While using MF as the CO source provided milder conditions, the selectivity to ethylene glycol precursors was still low. To achieve high selectivity under mild conditions, a novel vapor-phase process was developed. By carrying out the reaction in the vapor phase, the need for high pressure to dissolve CO in a liquid was avoided, and by using the dimethyl acetal of formaldehyde, DMM, the need for water or alcohol was avoided. Using an acid zeolite, Faujasite (FAU), as the catalyst it was possible to produce MMAc with a selectivity of up to 79% and a yield of up to 20% based on DMM at 3 atm of CO pressure. The disproportionation of DMM to produce DME and MF was the only competing process observed. The rate of disproportionation was minimized by operating at high CO to dimethoxymethane feed ratios.

By selecting zeolites of different frameworks and Si/Al ratios, the effects of pore size and connectivity and the proximity of acid sites on the carbonylation of dimethoxymethane to produce methyl methoxyacetate were revealed. FAU, ZSM-5 (MFI), Mordenite (MOR), and Beta (BEA) showed very similar activity for DMM carbonylation. However, FAU had the highest selectivity compared to the other zeolites because of its very low activity towards disproportionation. The higher rate of DMM disproportionation observed for MFI, MOR, and BEA is ascribed to the small pores of these zeolites, which facilitate the initial and critical step in the formation of dimethyl ether and methyl formate. Ferrierite showed very low activity for both carbonylation and disproportionation. Increasing the Si/Al ratio for both FAU and MFI led to an increase in the turnover frequency for DMM carbonylation. The low rate of MMAc formation found at low Si/Al ratios was proposed to be due to repulsive interactions occurring between adsorbed species located within the same supercage of FAU or channel intersection of MFI.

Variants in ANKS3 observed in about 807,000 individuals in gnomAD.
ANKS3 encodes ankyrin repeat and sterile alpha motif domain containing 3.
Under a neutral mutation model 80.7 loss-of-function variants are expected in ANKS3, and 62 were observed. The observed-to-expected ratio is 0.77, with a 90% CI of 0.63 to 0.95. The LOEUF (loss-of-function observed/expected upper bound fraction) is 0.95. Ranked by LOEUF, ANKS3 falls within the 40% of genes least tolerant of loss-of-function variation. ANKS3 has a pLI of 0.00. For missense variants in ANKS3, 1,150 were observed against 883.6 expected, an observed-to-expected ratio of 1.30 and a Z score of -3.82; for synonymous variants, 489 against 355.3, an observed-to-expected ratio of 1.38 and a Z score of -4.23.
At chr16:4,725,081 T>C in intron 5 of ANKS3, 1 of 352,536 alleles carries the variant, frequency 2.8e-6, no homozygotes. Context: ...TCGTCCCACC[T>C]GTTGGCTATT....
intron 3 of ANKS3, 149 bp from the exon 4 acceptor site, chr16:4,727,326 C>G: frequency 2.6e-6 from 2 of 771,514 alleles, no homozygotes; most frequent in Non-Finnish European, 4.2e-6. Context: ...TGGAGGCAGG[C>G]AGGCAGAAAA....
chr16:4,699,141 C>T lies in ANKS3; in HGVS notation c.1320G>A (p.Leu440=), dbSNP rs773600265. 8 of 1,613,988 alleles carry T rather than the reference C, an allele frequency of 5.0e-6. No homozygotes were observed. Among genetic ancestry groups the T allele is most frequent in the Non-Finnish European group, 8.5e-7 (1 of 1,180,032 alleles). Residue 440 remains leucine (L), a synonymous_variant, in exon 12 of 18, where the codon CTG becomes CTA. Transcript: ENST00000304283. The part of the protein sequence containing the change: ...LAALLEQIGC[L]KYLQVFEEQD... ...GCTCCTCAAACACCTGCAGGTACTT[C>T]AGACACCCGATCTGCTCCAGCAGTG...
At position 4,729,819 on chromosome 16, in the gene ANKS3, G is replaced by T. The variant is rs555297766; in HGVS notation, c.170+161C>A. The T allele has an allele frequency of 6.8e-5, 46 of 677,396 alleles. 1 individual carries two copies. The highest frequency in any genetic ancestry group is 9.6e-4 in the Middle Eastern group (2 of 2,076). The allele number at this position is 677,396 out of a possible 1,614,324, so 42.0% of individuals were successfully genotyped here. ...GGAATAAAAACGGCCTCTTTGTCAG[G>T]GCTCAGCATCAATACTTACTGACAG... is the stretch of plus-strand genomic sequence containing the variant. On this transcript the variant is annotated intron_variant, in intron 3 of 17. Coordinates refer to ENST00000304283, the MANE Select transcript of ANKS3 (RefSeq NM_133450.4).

Mechanisms were proposed for both DMM carbonylation and disproportionation reactions over acid zeolites and were evaluated using in situ infrared spectroscopy. Surface intermediates for both carbonylation and disproportionation reactions were observed spectroscopically, and their responses to changes in reaction conditions were consistent with steady-state kinetic experiments and the predictions of density functional theory (DFT) calculations. For DMM carbonylation, the solvation of the carbocationic transition state of the CO insertion step was observed when gaseous nucleophiles promoted the formation of the CO insertion product, a methoxyacetyl surface species. The surface concentration of the methoxyacetyl species at steady state, as measured by infrared spectroscopy, was 10 times smaller on zeolite FAU than on MFI, despite the higher rate of DMM carbonylation on FAU. This was supported by DFT calculations, which predicted a very small barrier for the reaction of the methoxyacetyl species over FAU, but a substantial barrier over MFI, leading respectively to smaller and larger concentrations of this species. The rate expression derived from the proposed mechanisms was used in a plug-flow reactor model to predict the rates of carbonylation and disproportionation over FAU as functions of reaction temperature and DMM and CO partial pressures. The results showed good agreement with steady-state rate measurements.